La La How The Life Goes On

Not-Great Expectations

Posted on: March 17, 2016

That’s an article via NPR that asks, “If you set high expectations for your marriage, is it doomed?” It says, “Expecting a lot can make a marriage more satisfying, the study finds, but if people can’t meet those expectations — whether for lack of time, effort or social skills — the relationship will suffer. The study examines the premise that modern-day couples load too many expectations onto the institution of marriage — that it will meet their needs for intimacy, autonomy and friendship, to name just a few.”

I think we can all learn a little something from this study, whether we are newlyweds just back from Jamaica or old fogies coming up on a golden anniversary.What IS the secret to a happy marriage anyway? This study says it is a match between expectations and reality, even with a negative correlation. So even if your expectations for happiness were low, couples who met those low expectations stayed marginally-happily married.

I have found that one key to staying happily hitched is releasing your partner from the responsibility of being your Everything. Facebook is littered with memes about “I married my best friend” and “My husband is my world” and they always make me cringe a little. It sounds all very romantic, but it’s really actually kind of insane. What an awful burden to place on another human; to be your Everything. Can you imagine having to be the Funniest, Cutest, Hippest, Kindest, Coolest, Best Looking person your wife or husband has ever known? Every damn day? For decades? That’s not love; that’s unbearable, unrealistic  pressure borne of neediness. NO THANK YOU.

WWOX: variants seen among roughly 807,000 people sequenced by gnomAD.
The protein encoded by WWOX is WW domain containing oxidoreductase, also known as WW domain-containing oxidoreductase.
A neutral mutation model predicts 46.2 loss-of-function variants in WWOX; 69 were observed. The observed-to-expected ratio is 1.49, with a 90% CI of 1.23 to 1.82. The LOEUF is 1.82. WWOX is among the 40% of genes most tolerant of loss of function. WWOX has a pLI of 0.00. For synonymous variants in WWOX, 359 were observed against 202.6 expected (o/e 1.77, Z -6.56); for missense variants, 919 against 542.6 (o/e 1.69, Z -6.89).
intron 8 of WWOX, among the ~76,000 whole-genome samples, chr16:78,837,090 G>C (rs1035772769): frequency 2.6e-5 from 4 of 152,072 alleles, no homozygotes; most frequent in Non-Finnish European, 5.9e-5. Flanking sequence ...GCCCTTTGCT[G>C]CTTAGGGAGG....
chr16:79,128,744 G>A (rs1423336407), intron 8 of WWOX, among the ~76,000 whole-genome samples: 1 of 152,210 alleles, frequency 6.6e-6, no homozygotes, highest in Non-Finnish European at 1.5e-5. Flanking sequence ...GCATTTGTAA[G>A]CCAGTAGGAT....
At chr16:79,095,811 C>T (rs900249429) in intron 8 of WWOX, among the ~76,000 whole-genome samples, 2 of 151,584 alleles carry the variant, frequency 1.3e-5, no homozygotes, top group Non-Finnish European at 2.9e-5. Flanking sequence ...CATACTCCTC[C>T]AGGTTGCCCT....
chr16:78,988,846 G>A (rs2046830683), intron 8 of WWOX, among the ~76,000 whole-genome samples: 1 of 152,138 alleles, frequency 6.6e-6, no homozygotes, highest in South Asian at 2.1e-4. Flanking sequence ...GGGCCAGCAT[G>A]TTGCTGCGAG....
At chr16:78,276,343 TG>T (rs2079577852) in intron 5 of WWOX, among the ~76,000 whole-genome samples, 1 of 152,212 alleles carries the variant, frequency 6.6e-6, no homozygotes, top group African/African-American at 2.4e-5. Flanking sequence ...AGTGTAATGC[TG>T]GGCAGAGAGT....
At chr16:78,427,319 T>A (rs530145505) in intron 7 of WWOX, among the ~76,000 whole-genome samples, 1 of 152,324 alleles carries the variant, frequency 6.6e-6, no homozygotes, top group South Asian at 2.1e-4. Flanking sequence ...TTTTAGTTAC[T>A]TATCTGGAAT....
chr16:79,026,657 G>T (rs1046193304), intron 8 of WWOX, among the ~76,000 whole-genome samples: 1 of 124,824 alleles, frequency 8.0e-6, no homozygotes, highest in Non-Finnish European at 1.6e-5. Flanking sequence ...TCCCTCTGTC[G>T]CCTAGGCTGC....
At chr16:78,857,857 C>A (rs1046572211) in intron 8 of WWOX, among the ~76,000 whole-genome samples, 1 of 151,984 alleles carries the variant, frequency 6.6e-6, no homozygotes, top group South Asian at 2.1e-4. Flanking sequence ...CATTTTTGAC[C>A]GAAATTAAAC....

News flash: The funniest guy I know is not my husband. The hippest guy I know is not my husband. The coolest girl my husband knows is not me. It’s all good. That’s why God created friends. So your life partner doesn’t have to meet all these ridiculous expectations of being The Best, Most, Greatest At Everything to your spec. If my husband had to meet my every single emotional, social and psychological need he’d have little time for anything else except fighting about how he was falling short. This is why couples need to have and keep friends as a couple and as individuals. It can be easy to fall into the trap of thinking you only need each other. But we were individual people before we were a couple. We had friends of the opposite gender before we were a couple. We continue to have those relationships for a reason: because we need them.

We have married friends who take separate trips because they have such divergent interests. Some people raise an eyebrow at it, wondering why they don’t find a way to do things like that together. Well, maybe because doing what they love with others who also love it allows them to return to their home happy and renewed as a wife or husband. Should my husband ever decide to go white water rafting, he will be going without me. Skiing the matterhorn? Without me. Snorkeling? Without me. Listening to jazz for hours on end? Without me.  Should I decide to go shopping in Milan, you can bet the farm that my husband will be AWOL. Making a pilgrimage to the ABBA museum? AWOL. Stalking Duran Duran on a world tour? AWOL. It will indicate nothing about our marriage beyond the fact that we are secure enough to allow the other person the space to have their own interests. My happiness does not depend on my husband liking everything I like. His happiness does not depend on me traipsing along to every event he enjoys but that makes me want to stab myself in the eye. That is a preschool notion of relationships, and every marriage should strive to, at minimum, exceed toddler expectations.

So what does keep us together in the end? He’s my person. The guy I was meant to be with. The guy I want to spend every single day with. And he doesn’t have to be The Funniest, The Smartest, The Coolest, The Everythingest for that to be true. He just has to be who he is.

Although I wouldn’t say no to a little less jazz.





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